New York: Cyclone Idai is one of the worst disasters to hit southern Africa in living memory, according to the United Nations.
The UN also confirmed that at least 360 people have lost their lives due to the calamity.
“What we want to do is underscore the sheer level of this crisis. This may be one of the worst national disasters to hit southern Africa in living memory and we will need to do quite a lot,” Xinhua quoted Farhan Haq, the deputy spokesman for the UN Secretary-General, as saying.
“Our humanitarian colleagues report that the UN’s humanitarian chief, Mark Lowcock, allocated USD 20 million from the UN’s Central Emergency Response Fund to complement the efforts of the governments of Mozambique, Zimbabwe and Malawi to provide assistance to communities affected,” he added.
“Lowcock noted that the allocation would be insufficient to respond to the expected rise in the level of need, and urged donors to contribute to the response,” the spokesman said.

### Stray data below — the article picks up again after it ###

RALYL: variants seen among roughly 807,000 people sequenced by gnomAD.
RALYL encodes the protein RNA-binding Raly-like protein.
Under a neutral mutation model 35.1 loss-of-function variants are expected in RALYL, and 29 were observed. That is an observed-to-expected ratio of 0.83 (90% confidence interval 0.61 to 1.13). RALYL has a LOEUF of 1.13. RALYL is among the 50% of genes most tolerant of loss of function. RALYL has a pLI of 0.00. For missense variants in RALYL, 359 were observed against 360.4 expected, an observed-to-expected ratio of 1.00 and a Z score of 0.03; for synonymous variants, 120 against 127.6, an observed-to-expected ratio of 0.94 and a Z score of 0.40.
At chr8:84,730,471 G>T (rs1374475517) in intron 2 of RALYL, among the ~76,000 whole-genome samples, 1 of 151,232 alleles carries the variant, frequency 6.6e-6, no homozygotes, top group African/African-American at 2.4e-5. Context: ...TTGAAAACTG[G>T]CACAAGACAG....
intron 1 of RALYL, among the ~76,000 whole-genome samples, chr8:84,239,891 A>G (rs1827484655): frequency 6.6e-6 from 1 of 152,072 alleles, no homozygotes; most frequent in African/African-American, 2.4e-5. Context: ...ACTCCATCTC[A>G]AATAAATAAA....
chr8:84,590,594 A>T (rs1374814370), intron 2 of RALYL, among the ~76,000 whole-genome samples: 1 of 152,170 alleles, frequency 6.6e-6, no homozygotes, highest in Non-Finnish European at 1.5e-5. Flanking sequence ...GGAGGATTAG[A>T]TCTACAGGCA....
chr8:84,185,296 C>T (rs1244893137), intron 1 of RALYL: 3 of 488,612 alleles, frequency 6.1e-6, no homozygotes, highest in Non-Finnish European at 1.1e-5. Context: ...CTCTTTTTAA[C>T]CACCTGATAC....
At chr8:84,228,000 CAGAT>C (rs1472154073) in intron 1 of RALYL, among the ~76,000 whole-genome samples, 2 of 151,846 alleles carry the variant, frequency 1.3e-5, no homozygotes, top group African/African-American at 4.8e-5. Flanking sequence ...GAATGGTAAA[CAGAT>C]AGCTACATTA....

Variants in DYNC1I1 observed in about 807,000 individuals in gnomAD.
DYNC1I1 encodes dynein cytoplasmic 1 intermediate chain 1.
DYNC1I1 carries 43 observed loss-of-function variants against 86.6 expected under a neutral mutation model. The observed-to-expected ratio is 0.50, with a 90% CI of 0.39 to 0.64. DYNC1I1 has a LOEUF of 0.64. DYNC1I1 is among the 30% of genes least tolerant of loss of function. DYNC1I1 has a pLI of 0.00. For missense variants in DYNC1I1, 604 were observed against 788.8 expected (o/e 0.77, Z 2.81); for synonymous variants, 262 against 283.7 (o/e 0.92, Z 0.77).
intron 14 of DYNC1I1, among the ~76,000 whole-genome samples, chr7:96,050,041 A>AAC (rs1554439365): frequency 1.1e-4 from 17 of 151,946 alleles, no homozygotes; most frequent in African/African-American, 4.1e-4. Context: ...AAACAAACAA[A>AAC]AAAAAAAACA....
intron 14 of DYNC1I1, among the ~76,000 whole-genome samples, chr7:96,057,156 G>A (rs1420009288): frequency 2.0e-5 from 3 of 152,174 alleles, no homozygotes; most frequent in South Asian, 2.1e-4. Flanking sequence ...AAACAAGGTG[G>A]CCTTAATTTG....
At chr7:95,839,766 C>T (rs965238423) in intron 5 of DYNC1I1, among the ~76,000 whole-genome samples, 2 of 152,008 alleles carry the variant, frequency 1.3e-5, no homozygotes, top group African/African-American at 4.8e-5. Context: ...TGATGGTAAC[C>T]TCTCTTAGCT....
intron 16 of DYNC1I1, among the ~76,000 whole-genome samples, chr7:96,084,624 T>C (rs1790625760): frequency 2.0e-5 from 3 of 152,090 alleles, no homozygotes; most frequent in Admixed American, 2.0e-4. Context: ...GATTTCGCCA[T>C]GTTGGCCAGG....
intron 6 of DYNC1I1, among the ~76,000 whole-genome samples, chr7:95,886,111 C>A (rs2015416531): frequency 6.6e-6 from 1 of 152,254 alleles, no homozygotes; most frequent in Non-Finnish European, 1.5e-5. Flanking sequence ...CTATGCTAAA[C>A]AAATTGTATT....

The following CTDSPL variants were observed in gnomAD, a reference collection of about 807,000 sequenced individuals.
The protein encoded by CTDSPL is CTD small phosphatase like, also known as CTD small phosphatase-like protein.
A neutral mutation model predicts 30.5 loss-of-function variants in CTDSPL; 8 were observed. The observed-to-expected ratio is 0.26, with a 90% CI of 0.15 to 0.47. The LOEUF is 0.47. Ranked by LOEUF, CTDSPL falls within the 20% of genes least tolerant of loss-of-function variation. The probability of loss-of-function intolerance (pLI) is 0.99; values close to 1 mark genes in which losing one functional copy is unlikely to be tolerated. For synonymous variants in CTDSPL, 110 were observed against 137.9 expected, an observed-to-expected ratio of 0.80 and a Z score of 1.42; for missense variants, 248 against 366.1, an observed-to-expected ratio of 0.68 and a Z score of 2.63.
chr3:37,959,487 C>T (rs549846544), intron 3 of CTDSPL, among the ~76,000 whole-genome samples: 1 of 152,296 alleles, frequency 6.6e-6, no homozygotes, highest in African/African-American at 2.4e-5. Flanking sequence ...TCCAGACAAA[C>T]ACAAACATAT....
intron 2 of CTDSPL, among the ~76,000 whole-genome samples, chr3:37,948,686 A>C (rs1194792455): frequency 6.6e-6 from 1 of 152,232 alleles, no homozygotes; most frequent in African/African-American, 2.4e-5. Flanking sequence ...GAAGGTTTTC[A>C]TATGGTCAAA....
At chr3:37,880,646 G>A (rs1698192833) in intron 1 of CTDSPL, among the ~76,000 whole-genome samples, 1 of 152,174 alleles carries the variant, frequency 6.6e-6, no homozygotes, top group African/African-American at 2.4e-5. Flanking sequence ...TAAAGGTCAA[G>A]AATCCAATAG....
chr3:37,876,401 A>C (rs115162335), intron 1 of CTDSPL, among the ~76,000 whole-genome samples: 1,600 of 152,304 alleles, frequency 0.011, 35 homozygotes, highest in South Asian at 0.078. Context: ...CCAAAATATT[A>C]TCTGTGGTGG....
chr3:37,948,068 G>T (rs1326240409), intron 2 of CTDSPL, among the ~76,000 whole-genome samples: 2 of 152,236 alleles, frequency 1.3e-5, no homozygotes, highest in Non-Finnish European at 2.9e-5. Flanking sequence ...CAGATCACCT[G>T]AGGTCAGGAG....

In Malawi, nearly 1 million people have been affected while 56 deaths and 577 injuries have been recorded so far.
At least 202 people are confirmed dead in Mozambique, according to the government. Furthermore, more than 2,50,000 children alone have been affected in the country due to the cyclone. Around 82,700 people, meanwhile, are estimated to be displaced.
“In Zimbabwe, at least 102 deaths and over 200 injuries have been reported, and more than 200 people are reportedly still missing,” Haq said, adding that relief had reached the affected areas.
The death toll is expected to rise as rescue operations are underway across the states.
Meanwhile, Mozambique’s President Filipe Nyusi, on Wednesday, declared three days of national mourning after days of torrential rain and flooding left a trail of destruction across southeast Africa. The cyclone made landfall in the country last week, with wind speeds touching 200 kilometres.
Amongst other nations, India has become one of the first international responders to the Cyclone Idai in Mozambique. The first batch of Humanitarian Assistance and Disaster Relief (HADR) material including food, medicines and clothing reached Port Beira of Mozambique on March 20.